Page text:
The project included feedback from the medical tourists who came to Poland during that period.
And there were some initial results for which Poland can be proud.
The numbers may be small for now, but the foundations being built are very solid. You can learn more about the results of the initial phase here.
After the first 3-year phase, the project continued. Additional target countries were added, as the EU wanted Poland to look at attracting tourists from non-EU countries.
Interest from clinics was strong, with some 176 interested in participating, a significant increase from the initial 40.
While progress has been made, there is still plenty to do, of course. As part of its ongoing quality control, mystery shoppers tasted the response rate to enquiries from the participating clinics – there was no reply from 48 of them. So clearly some work to be done – train these clinics to be appropriately responsive or exclude them from the project.
Small steps, but concrete ones, and an emerging national brand, with a clear vision of the future direction.
And after the initial success, more official interest and partnership, with the second phase under the umbrella of the Polish Tourism Organization.
The timeframe from project concept and submission to approval and commencing – just six months, although it should be noted that the money took longer to arrive and so many projects were initially financed by Poland and then reimbursed by the EU.
Could it happen in Croatia?
Poland’s journey is a process of learning and trial and error. There were some expectations which failed to materialise, whereas other unexpected market opportunities arose. They had high expectations of the rich Polish diaspora in places such as the United States, but this has so far failed to provide a lucrative source of clients. On the other hand, simply by being present at international trade fairs and networking, new markets in former Soviet replublics such as Tajikistan and Uzbekistan have materialised.
For many participants, I am sure that this Polish presentation will not rank as one of the top moments of what was an excellent conference, but for me it was the most useful lesson of all for those with a genuine interest in moving Croatian medical tourism forward to the level it should be at to realise its considerable potential.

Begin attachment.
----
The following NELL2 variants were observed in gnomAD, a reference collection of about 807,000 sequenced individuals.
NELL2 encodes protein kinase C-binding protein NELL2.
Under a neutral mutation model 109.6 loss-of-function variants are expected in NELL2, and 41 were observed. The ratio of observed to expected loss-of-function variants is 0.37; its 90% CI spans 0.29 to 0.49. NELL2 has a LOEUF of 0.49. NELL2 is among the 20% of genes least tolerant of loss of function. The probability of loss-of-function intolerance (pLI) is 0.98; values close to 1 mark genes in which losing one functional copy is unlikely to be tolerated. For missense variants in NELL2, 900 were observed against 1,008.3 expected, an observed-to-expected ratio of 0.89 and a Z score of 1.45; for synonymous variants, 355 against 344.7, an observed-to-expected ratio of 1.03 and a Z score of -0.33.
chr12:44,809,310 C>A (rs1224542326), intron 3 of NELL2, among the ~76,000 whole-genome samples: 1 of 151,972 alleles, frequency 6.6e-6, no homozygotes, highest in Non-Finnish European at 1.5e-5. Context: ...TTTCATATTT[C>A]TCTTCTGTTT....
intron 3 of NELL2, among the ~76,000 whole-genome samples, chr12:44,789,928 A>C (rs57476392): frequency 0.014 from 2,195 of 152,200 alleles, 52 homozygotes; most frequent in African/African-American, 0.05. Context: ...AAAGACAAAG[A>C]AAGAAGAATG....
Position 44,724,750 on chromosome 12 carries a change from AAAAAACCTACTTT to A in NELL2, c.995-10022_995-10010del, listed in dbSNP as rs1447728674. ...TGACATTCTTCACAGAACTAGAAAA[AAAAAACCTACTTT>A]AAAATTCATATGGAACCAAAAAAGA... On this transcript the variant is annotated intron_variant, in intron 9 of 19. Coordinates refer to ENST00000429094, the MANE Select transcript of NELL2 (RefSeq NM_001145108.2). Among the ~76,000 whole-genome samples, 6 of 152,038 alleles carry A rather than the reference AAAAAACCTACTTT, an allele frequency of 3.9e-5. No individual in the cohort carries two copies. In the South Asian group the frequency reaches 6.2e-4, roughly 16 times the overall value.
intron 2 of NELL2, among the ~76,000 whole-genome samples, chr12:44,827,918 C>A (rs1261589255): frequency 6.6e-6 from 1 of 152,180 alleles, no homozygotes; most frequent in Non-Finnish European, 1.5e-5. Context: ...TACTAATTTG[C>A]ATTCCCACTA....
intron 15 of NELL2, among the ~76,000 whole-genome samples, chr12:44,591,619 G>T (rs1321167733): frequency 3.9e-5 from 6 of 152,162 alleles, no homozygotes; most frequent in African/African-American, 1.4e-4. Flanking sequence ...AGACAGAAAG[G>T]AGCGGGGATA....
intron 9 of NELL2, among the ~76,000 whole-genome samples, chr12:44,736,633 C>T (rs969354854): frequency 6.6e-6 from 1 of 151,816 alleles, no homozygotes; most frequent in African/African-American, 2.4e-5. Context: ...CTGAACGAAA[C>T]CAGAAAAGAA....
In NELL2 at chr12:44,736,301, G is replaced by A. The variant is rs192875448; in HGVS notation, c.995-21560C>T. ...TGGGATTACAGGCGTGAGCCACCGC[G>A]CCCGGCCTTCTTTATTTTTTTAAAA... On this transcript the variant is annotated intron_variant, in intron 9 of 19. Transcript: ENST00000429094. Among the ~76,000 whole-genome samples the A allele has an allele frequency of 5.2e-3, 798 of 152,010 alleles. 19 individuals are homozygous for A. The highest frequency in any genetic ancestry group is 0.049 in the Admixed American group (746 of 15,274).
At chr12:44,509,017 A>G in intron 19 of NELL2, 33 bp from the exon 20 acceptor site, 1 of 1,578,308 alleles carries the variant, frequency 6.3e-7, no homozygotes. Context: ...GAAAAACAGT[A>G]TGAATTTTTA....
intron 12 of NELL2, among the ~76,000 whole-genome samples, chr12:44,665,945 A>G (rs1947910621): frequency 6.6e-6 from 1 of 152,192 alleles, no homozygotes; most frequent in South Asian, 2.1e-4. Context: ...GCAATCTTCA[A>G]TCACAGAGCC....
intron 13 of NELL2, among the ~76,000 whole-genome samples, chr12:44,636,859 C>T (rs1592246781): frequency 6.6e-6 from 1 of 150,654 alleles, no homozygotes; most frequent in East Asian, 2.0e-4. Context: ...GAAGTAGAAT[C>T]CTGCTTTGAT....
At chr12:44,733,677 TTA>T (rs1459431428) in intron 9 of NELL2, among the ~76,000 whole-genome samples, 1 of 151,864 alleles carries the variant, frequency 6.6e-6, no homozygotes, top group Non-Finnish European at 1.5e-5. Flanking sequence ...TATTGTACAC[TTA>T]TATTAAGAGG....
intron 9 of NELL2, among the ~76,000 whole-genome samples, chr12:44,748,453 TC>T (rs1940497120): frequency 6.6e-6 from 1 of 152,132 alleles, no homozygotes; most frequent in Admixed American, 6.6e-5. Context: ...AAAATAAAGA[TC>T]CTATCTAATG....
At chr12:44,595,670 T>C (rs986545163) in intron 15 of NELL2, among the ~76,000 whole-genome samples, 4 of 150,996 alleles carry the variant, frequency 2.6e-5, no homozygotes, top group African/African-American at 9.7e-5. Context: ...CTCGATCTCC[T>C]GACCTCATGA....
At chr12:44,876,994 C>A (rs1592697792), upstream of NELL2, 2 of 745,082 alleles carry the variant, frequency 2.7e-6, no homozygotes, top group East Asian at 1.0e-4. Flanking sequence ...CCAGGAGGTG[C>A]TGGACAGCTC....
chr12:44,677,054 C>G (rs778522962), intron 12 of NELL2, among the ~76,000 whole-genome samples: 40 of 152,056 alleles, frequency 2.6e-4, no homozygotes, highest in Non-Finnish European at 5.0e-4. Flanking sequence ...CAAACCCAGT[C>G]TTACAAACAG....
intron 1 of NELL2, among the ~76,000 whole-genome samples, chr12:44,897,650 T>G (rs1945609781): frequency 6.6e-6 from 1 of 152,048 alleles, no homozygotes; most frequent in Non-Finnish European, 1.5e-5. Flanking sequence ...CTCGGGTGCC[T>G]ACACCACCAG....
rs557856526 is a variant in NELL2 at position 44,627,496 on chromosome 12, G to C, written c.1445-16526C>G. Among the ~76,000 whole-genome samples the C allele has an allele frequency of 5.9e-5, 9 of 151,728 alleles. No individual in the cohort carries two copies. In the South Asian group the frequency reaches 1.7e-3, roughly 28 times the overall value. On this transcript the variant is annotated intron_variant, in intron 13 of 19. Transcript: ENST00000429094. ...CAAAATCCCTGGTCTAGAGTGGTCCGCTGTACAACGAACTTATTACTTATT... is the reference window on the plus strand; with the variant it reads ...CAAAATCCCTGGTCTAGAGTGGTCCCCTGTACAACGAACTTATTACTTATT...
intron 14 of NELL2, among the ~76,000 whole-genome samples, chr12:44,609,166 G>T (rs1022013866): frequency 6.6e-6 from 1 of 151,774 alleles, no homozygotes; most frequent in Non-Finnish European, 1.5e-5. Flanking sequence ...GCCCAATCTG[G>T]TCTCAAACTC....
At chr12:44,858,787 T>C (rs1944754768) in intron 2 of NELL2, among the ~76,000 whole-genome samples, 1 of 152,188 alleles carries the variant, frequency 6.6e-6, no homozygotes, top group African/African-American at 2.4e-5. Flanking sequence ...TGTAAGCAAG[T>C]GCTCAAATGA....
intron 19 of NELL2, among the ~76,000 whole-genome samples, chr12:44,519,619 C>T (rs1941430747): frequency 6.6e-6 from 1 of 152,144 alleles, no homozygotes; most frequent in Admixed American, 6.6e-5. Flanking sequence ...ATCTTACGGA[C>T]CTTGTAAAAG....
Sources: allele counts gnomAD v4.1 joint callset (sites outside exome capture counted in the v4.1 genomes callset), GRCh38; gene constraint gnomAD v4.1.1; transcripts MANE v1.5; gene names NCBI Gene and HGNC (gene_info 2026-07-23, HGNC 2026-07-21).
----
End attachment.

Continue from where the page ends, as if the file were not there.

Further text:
And then, a rare moment later in the conference – questions to the panelists allowed from the floor, something that happens all too rarely. I decided to raise my hand, firstly to congratulate Magdalena on an excellent presentation, and then to address my question to fellow panelist, Robert Pende, Croatian Assistant Minister of Tourism.
“Assistant Minister, I have lived in your country for 17 years now and have heard one word more than any other when talking about developing Croatia’s future – potential. Croatian tourism has so much potential, the medical tourism industry has so much potential etc. Medical tourism has been at the heart of your 2013 – 2020 medical tourism strategy for almost 7 years now. Putting the word ‘potential’ aside for a moment, and having listened to the excellent and very concrete example from Poland, can you give us any similar concrete examples of projects undertaken in that time, and what were the results?”
I will leave you to guess the response.
To learn more about the forum organisers, including their other initiatives to develop medical tourism in the Adriatic, visit the Medical Group Ltd website.
Learn more about Polish medical tourism in the video below, and to follow the latest from the Croatian medical tourism journey, follow the dedicated TCN section.